Mohit joined the gallery in ’91, first as an Assistant to his mother. “I did everything, from stacking, display, client service, right down to fetching and delivery. Mummy had her hands full with all other matters, always there for newer crop of artists like Rakesh Kumar Gupta and Vandana Rakesh, Santosh Verma, Ravi Mandlik, Jayshree Chakravarty, Abbas Batliwal, Shahid Parvez, Akmal Hussain, and others, who have very fond memories and words of appreciation for her,” says Mohit, of his early stint at the gallery with his mother.
Mohit officially took over in 1994, with Sushma always behind him, like she was for his father. With two renovations, and two floors, the DAC now runs over a much larger space than what it began on, with a pleased Sushma yet there to witness Mohit work over it as hard as they had at its inception. Mohit wed Shivani in 2001. The lissome bride began by attending the gallery regularly with Sushma and Mohit till the call of motherhood began to keep her away for the sake of the children. In the years to follow the young bride quickly rose to share Sushma’s responsibilities in her advancing years, but also played a major role in the countless gallery activities that steer the family.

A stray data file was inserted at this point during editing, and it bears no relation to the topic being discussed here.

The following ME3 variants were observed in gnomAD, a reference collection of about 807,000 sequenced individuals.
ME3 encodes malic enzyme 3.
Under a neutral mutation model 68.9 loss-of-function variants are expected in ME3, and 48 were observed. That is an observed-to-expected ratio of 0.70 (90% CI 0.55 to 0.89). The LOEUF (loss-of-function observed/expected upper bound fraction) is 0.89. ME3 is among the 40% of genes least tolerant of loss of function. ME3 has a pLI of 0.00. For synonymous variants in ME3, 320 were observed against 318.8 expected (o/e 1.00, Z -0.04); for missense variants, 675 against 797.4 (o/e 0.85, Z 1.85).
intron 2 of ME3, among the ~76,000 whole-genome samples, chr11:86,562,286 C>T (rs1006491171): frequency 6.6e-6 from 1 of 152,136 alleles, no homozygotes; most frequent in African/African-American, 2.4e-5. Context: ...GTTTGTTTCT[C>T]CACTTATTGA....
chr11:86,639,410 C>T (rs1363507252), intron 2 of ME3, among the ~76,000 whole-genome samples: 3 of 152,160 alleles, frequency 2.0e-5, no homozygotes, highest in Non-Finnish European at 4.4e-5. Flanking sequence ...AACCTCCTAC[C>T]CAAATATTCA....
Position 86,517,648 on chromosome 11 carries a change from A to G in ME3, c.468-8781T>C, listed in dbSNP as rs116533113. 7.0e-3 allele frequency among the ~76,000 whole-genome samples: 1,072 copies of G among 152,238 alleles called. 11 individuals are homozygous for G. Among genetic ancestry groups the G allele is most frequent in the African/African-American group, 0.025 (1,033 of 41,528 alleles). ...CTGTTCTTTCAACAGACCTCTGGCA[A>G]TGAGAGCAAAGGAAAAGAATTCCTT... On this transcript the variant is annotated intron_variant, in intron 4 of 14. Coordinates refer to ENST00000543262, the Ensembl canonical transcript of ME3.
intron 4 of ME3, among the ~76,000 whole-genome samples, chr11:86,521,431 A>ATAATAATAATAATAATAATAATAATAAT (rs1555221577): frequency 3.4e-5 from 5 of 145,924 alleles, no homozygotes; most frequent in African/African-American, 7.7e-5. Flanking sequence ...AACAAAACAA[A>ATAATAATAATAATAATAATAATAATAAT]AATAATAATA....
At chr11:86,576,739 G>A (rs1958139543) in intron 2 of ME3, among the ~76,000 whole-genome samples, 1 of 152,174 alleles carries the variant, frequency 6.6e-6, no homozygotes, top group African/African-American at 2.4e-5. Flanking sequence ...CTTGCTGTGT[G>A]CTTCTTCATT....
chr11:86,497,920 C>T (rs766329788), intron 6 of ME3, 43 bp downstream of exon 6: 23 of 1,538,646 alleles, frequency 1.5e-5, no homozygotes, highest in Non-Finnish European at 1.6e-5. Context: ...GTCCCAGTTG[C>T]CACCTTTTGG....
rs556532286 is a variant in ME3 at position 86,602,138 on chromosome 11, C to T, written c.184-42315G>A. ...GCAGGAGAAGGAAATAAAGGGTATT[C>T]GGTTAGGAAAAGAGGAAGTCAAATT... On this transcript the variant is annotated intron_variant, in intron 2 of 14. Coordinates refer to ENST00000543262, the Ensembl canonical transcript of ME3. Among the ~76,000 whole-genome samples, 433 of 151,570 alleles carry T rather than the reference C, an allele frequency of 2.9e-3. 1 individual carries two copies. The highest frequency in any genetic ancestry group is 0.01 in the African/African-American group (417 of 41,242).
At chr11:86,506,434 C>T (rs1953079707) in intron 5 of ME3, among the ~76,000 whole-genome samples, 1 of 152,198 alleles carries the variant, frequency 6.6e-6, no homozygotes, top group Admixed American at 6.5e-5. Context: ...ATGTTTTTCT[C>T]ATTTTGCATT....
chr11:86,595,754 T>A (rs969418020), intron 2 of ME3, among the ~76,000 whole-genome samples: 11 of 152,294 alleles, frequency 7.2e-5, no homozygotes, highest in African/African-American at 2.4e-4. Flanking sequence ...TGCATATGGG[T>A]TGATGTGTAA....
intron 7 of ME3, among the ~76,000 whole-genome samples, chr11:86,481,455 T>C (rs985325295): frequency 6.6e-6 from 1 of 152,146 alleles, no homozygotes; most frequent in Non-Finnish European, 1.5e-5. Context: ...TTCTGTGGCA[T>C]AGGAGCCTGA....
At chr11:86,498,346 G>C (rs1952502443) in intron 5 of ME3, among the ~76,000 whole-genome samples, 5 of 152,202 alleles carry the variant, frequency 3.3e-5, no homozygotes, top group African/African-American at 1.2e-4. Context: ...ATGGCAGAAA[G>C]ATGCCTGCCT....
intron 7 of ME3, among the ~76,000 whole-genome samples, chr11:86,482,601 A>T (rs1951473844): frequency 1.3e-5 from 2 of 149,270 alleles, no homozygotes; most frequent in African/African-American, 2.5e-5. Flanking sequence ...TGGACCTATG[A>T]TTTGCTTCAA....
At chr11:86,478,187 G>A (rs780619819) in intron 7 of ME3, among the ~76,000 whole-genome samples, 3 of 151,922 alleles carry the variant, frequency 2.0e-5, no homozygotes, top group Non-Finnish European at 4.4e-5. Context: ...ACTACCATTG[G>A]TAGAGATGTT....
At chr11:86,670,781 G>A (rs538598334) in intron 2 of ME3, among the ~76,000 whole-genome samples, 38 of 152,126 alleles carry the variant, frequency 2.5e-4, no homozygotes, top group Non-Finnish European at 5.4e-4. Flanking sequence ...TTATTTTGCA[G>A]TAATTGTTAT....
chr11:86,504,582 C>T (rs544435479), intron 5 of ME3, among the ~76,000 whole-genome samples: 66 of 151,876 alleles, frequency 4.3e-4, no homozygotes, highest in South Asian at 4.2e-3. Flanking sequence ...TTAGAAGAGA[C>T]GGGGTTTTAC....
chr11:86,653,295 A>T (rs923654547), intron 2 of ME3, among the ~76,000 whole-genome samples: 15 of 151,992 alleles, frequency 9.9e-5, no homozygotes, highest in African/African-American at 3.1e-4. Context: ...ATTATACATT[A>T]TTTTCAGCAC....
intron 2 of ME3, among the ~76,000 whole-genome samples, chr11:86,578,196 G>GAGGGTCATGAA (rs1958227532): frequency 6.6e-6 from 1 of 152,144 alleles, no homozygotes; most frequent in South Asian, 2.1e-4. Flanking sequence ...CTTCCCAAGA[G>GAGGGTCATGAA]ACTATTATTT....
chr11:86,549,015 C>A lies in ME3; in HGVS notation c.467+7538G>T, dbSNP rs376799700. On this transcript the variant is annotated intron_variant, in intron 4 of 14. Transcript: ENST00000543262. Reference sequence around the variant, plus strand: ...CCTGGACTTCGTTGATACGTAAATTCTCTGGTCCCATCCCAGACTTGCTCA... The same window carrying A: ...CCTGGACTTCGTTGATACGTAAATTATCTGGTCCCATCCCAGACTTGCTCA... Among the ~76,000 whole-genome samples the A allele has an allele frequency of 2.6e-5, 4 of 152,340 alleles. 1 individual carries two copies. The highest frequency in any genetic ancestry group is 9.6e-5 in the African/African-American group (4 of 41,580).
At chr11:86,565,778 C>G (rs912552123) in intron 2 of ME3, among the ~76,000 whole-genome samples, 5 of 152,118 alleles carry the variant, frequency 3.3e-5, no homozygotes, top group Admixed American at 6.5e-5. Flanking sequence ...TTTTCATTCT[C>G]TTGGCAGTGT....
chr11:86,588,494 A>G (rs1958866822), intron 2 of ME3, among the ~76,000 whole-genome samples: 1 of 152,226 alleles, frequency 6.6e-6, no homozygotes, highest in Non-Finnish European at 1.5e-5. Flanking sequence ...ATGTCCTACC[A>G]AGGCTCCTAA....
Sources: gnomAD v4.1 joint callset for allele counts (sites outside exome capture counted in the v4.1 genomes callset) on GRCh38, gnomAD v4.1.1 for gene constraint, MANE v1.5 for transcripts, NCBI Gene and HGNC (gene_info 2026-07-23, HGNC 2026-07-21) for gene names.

Having lived a fulfilled and productive life, all her three children happily married and settled, grandchildren playing, and son Mohit running the gallery well with definite expansion plans for the future, leaving a host of well-wishing artists in her wake, Sushma Jain peacefully breathed her last on 16th October 2011, at the age of seventy two.

Memories of an Era is a tribute to Sushma ji from son Mohit, and the art fraternity that has come forward wholeheartedly to make this show possible.